Are we really Insane? Some said this about Jesus (Mark 3:21 and note). MacKnight thinks the false teachers accused Paul of being insane because of the risks and dangers he placed himself in for the sake of the Good News. Compare Acts 26:24 and note. Or are we sane? At times Paul reasoned with them very quietly. [Johnson thinks the false teachers boasted about their visions from God, but said the visions Paul claimed, were due to insanity.]

Verse 14


By Christ’s love. “In our service to Christ, we are not insane. We are ruled in all this by Christ’s love for us. We take great risks and place ourselves in danger, because we recognize that one man died for all men.” Which means. Christ’s death was for all! 2 Corinthians 5:15 explains this. All men take part in his death, but this does not mean that all will be saved. Compare Romans 5:18 and note.

Verse 15


So that. “If you take Christ-on-the-cross seriously, you will see that Jesus died for all, Jew and Gentile. If you imitate Christ, you will no longer live for yourself, but you will live for Christ. For this reason, you become a Christian by being baptized into Christ’s death ( Romans 6:3-11; Colossians 2:12-13).”

Verse 16


No longer, then. Christians do not create distinctions (James 2:1-4). Even if. Before Paul became a Christian, he did look at Jesus from a human point of view. He could see no value in the cross. Compare 1 Corinthians 1:23. The cross makes peace between Jew and Gentile (Ephesians 2:14).

Verse 17


When. At the time anyone is joined to Christ. See Galatians 3:27. He is, Not: he will be; but he is! The new being is opposed to the human point of view. It supersedes racial distinctions (Galatians 6:15), and it is a life of the Spirit (Romans 8:10-11). The old. Sin, guilt, and punishment are all put behind! The new. Life, forgiveness, the Spirit, a new point of view (1 Corinthians 2:14), etc.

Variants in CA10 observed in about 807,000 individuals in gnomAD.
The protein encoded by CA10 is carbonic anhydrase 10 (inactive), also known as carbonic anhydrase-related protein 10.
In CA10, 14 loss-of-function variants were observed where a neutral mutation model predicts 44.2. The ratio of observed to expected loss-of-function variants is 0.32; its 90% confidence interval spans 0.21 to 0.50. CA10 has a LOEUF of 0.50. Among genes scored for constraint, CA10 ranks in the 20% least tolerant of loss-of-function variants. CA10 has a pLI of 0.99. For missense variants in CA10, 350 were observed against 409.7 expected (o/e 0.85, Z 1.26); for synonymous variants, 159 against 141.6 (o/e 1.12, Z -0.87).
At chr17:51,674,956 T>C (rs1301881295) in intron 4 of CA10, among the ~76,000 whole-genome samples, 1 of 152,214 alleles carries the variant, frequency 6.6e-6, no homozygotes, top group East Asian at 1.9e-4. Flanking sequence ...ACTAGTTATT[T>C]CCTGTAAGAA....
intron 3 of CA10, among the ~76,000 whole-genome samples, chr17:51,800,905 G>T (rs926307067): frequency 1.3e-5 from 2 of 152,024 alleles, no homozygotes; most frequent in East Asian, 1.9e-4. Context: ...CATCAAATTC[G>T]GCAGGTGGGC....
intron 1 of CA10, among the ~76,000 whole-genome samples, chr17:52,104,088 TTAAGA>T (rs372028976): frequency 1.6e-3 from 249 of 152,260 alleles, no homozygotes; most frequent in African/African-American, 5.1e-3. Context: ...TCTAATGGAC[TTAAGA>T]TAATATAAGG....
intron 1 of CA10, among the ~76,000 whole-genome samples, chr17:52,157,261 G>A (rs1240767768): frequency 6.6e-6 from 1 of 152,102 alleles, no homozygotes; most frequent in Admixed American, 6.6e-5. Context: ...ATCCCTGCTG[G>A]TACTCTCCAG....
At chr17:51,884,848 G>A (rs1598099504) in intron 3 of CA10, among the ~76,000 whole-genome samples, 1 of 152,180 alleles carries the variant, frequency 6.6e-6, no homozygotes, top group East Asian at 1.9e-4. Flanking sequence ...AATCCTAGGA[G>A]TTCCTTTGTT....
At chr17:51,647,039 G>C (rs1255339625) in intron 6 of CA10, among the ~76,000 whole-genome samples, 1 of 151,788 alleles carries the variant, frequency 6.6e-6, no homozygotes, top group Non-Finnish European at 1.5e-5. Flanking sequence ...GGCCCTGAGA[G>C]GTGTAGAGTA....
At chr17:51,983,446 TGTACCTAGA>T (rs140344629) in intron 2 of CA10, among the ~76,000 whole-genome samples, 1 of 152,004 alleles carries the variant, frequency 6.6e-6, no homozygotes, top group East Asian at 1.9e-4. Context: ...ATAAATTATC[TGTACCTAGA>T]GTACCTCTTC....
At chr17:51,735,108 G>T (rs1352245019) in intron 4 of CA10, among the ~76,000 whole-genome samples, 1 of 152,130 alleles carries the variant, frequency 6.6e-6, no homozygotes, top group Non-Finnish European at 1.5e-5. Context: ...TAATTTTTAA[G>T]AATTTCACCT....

Verse 18


All this is done by God. Paul gives the credit to God! For Paul, the cross demonstrates both Christ’s love and God’s love!!! Changed us from enemies. Note Christ’s sacrifice changes us, not God! God’s act in Christ to set us free changes us from enemies to friends, when we reach out through faith to seize it! And gave as the task. The church, and specifically Paul, has the task of making others the friends of God. This is done by preaching the Good News!

Verse 19


Our message. The basis of the Good News is that God himself had acted and was making friends of those who had rebelled against him! Keep an account. MacKnight says: “That God is by Christ bringing back the world to himself, promising not to punish them for their trespasses, but to pardon them upon their faith and repentance.” See Colossians 1:20; 1 Timothy 2:4-7; Hebrews 9:14-15. It is Christ’s doing and dying which makes it possible (Romans 8:3-4). Given us the message. The Good News of God’s finished work in Christ is the message that changes us into friends of God. See Romans 1:16-17 and notes.

Verse 20


As though God himself. Proxy probably would be a better word than ambassador. Paul (and every Christian) acts as a proxy for God by trying to persuade others to let God change them from enemies into friends!!!

Verse 21


Christ was without sin. The sinlessness of Jesus is affirmed throughout the New Testament. Christ therefore satisfied the righteous demands of the Law. God made him share our sin. MacKnight understands this to mean that God made Christ our sin-offering. The rite of the scapegoat pictured what Jesus would do. The sins of the people were confessed on the goat and transferred to it. At the cross, Jesus shared our sin, which was transferred to him. Johnson says: “Since we die with Christ, in him we pay the penalty, and are justified [put right with God].” God puts men right through their faith in Jesus Christ (Romans 3:22).

Bibliographical Information
Ice, Rhoderick D. "Commentary on 2 Corinthians 5". "The Bible Study New Testament". https://www.studylight.org/commentaries/eng/ice/2-corinthians-5.html. College Press, Joplin, MO. 1974.